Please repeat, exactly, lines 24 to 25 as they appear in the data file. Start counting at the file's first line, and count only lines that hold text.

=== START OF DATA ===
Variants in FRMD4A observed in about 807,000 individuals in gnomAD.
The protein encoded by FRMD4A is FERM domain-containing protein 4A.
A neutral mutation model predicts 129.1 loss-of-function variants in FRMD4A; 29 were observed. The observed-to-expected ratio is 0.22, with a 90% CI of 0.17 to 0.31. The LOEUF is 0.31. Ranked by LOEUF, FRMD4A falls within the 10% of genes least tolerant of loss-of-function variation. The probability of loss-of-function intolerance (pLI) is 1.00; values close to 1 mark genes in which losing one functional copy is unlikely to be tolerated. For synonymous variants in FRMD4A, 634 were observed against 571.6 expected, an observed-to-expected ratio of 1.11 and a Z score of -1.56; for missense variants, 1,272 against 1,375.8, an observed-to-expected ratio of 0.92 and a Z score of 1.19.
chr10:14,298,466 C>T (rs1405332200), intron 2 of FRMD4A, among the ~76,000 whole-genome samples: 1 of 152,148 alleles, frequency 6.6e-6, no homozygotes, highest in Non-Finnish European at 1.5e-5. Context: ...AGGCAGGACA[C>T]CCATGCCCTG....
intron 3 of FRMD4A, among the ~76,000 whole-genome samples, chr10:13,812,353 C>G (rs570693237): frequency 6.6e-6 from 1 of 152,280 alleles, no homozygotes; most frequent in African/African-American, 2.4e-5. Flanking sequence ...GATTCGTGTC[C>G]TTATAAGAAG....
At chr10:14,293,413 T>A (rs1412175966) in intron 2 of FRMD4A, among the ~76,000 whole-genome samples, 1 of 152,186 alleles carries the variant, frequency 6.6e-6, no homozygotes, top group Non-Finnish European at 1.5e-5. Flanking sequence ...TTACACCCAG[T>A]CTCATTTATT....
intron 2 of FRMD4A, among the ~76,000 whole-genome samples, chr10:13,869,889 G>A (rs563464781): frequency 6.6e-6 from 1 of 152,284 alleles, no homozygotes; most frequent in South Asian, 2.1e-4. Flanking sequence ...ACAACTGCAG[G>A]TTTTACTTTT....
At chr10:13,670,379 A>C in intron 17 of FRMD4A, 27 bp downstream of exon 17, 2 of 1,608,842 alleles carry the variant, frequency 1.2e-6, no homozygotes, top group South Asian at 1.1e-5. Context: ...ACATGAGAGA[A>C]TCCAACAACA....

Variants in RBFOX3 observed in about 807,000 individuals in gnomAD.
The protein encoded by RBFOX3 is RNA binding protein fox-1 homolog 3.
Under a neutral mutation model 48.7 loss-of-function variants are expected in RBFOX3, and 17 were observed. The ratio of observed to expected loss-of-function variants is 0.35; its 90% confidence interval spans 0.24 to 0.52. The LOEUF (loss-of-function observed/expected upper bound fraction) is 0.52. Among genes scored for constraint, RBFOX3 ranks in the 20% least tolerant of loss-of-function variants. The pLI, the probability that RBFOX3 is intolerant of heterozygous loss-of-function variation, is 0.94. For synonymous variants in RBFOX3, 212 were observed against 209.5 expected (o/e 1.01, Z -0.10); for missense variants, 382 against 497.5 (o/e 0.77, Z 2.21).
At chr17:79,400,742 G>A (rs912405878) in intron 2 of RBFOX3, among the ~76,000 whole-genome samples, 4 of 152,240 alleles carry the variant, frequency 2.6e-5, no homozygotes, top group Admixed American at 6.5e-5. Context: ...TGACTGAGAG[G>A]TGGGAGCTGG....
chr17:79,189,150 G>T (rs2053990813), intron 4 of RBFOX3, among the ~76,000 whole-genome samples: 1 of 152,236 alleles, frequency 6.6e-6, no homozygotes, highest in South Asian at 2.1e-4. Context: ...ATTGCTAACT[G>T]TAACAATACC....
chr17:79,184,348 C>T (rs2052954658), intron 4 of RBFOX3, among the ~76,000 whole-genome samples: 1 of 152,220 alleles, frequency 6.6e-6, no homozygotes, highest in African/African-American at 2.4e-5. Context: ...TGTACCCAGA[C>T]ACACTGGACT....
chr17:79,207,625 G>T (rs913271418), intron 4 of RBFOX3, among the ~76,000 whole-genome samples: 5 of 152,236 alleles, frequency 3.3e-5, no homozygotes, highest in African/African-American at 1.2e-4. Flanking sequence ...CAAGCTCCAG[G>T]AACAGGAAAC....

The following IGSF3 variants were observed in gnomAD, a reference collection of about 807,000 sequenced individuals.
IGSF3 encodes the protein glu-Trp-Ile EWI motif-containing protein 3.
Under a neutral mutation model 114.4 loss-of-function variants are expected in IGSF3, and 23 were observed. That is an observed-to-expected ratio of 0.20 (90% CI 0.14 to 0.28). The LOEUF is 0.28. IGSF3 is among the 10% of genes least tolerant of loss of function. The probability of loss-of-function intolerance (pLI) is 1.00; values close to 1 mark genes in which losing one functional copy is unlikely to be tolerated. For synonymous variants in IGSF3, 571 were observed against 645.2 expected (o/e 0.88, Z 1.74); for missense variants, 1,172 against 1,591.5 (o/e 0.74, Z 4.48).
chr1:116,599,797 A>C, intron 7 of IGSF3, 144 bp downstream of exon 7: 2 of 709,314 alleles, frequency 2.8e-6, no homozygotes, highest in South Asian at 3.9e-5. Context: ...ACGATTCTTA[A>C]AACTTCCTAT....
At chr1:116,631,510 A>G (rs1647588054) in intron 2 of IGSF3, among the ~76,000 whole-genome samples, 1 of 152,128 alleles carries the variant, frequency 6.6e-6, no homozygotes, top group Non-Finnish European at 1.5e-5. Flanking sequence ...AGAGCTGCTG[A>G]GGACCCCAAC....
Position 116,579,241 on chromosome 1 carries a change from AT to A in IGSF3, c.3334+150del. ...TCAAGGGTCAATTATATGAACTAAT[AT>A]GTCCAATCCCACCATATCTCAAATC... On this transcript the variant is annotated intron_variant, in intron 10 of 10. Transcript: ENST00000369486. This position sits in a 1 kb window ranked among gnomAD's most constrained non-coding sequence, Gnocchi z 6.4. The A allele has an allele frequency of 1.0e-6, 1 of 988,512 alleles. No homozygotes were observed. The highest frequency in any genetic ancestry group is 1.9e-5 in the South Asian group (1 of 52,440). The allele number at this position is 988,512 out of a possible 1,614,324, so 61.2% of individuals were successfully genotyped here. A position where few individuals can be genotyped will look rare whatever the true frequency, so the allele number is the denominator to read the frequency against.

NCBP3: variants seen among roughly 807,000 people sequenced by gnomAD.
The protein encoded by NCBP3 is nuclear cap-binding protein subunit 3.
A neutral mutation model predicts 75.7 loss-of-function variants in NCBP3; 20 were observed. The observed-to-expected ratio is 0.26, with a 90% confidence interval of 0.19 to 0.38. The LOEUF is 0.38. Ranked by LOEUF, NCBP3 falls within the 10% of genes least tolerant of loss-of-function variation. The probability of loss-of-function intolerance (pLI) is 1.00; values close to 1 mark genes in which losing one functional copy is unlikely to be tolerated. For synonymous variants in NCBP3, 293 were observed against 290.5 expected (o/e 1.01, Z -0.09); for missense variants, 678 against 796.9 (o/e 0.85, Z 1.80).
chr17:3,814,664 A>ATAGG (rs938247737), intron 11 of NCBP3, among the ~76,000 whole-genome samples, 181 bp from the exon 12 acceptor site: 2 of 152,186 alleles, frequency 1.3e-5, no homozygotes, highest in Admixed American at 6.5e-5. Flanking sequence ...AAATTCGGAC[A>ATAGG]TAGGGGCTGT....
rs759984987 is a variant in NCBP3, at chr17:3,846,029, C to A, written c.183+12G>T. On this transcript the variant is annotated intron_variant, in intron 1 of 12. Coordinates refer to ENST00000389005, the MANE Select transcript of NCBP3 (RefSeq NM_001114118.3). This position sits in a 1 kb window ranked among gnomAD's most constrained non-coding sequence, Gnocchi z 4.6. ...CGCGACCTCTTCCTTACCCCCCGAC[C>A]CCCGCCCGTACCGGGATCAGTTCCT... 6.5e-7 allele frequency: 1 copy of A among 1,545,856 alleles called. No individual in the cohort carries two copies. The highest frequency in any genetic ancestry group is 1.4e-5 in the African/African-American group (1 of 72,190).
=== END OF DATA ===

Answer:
A neutral mutation model predicts 75.7 loss-of-function variants in NCBP3; 20 were observed. The observed-to-expected ratio is 0.26, with a 90% confidence interval of 0.19 to 0.38. The LOEUF is 0.38. Ranked by LOEUF, NCBP3 falls within the 10% of genes least tolerant of loss-of-function variation. The probability of loss-of-function intolerance (pLI) is 1.00; values close to 1 mark genes in which losing one functional copy is unlikely to be tolerated. For synonymous variants in NCBP3, 293 were observed against 290.5 expected (o/e 1.01, Z -0.09); for missense variants, 678 against 796.9 (o/e 0.85, Z 1.80).
chr17:3,814,664 A>ATAGG (rs938247737), intron 11 of NCBP3, among the ~76,000 whole-genome samples, 181 bp from the exon 12 acceptor site: 2 of 152,186 alleles, frequency 1.3e-5, no homozygotes, highest in Admixed American at 6.5e-5. Flanking sequence ...AAATTCGGAC[A>ATAGG]TAGGGGCTGT....